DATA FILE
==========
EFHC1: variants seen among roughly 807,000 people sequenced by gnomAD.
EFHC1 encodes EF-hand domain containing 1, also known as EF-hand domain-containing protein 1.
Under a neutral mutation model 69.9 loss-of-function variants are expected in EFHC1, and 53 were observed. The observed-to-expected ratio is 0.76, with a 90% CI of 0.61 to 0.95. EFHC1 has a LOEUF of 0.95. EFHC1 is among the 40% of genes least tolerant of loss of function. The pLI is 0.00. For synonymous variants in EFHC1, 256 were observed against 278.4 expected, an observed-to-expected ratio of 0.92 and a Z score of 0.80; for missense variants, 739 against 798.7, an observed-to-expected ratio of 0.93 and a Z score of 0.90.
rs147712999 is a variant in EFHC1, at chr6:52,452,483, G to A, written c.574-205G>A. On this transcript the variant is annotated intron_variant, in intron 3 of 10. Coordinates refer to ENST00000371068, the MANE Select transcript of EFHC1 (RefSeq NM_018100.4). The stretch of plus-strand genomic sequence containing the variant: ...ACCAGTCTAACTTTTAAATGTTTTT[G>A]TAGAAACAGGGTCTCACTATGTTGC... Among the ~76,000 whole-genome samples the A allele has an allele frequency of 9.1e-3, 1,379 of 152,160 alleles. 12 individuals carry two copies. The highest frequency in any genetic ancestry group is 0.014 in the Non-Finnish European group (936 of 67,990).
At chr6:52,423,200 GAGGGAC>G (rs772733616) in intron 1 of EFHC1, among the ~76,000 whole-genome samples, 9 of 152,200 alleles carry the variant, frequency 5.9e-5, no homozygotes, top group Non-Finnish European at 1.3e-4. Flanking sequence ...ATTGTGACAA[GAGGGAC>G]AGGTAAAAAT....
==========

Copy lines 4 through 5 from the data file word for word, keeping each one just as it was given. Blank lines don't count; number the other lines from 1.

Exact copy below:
rs147712999 is a variant in EFHC1, at chr6:52,452,483, G to A, written c.574-205G>A. On this transcript the variant is annotated intron_variant, in intron 3 of 10. Coordinates refer to ENST00000371068, the MANE Select transcript of EFHC1 (RefSeq NM_018100.4). The stretch of plus-strand genomic sequence containing the variant: ...ACCAGTCTAACTTTTAAATGTTTTT[G>A]TAGAAACAGGGTCTCACTATGTTGC... Among the ~76,000 whole-genome samples the A allele has an allele frequency of 9.1e-3, 1,379 of 152,160 alleles. 12 individuals carry two copies. The highest frequency in any genetic ancestry group is 0.014 in the Non-Finnish European group (936 of 67,990).
At chr6:52,423,200 GAGGGAC>G (rs772733616) in intron 1 of EFHC1, among the ~76,000 whole-genome samples, 9 of 152,200 alleles carry the variant, frequency 5.9e-5, no homozygotes, top group Non-Finnish European at 1.3e-4. Flanking sequence ...ATTGTGACAA[GAGGGAC>G]AGGTAAAAAT....